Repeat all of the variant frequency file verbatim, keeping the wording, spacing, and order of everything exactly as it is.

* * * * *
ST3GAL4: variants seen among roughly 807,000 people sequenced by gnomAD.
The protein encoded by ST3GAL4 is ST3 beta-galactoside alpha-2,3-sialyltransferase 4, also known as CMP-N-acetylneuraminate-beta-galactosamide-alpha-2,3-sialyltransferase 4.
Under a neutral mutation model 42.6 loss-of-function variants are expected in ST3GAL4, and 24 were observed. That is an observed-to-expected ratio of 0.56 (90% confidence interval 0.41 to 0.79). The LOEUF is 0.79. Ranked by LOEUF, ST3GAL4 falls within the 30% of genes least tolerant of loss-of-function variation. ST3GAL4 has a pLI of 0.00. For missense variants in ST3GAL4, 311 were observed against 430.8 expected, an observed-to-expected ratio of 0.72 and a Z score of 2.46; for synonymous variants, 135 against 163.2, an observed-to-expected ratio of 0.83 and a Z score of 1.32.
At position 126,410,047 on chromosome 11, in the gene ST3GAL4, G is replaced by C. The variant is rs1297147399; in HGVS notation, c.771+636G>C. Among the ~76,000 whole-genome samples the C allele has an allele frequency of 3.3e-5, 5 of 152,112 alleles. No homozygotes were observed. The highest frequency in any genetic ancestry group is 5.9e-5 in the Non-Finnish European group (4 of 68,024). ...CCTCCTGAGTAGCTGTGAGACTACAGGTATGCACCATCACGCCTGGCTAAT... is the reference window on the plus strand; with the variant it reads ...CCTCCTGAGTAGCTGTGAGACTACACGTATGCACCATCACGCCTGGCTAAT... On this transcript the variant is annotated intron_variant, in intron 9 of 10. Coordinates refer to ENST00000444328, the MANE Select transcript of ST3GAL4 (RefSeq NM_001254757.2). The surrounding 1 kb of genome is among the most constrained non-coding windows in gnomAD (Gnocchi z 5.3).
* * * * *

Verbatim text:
ST3GAL4: variants seen among roughly 807,000 people sequenced by gnomAD.
The protein encoded by ST3GAL4 is ST3 beta-galactoside alpha-2,3-sialyltransferase 4, also known as CMP-N-acetylneuraminate-beta-galactosamide-alpha-2,3-sialyltransferase 4.
Under a neutral mutation model 42.6 loss-of-function variants are expected in ST3GAL4, and 24 were observed. That is an observed-to-expected ratio of 0.56 (90% confidence interval 0.41 to 0.79). The LOEUF is 0.79. Ranked by LOEUF, ST3GAL4 falls within the 30% of genes least tolerant of loss-of-function variation. ST3GAL4 has a pLI of 0.00. For missense variants in ST3GAL4, 311 were observed against 430.8 expected, an observed-to-expected ratio of 0.72 and a Z score of 2.46; for synonymous variants, 135 against 163.2, an observed-to-expected ratio of 0.83 and a Z score of 1.32.
At position 126,410,047 on chromosome 11, in the gene ST3GAL4, G is replaced by C. The variant is rs1297147399; in HGVS notation, c.771+636G>C. Among the ~76,000 whole-genome samples the C allele has an allele frequency of 3.3e-5, 5 of 152,112 alleles. No homozygotes were observed. The highest frequency in any genetic ancestry group is 5.9e-5 in the Non-Finnish European group (4 of 68,024). ...CCTCCTGAGTAGCTGTGAGACTACAGGTATGCACCATCACGCCTGGCTAAT... is the reference window on the plus strand; with the variant it reads ...CCTCCTGAGTAGCTGTGAGACTACACGTATGCACCATCACGCCTGGCTAAT... On this transcript the variant is annotated intron_variant, in intron 9 of 10. Coordinates refer to ENST00000444328, the MANE Select transcript of ST3GAL4 (RefSeq NM_001254757.2). The surrounding 1 kb of genome is among the most constrained non-coding windows in gnomAD (Gnocchi z 5.3).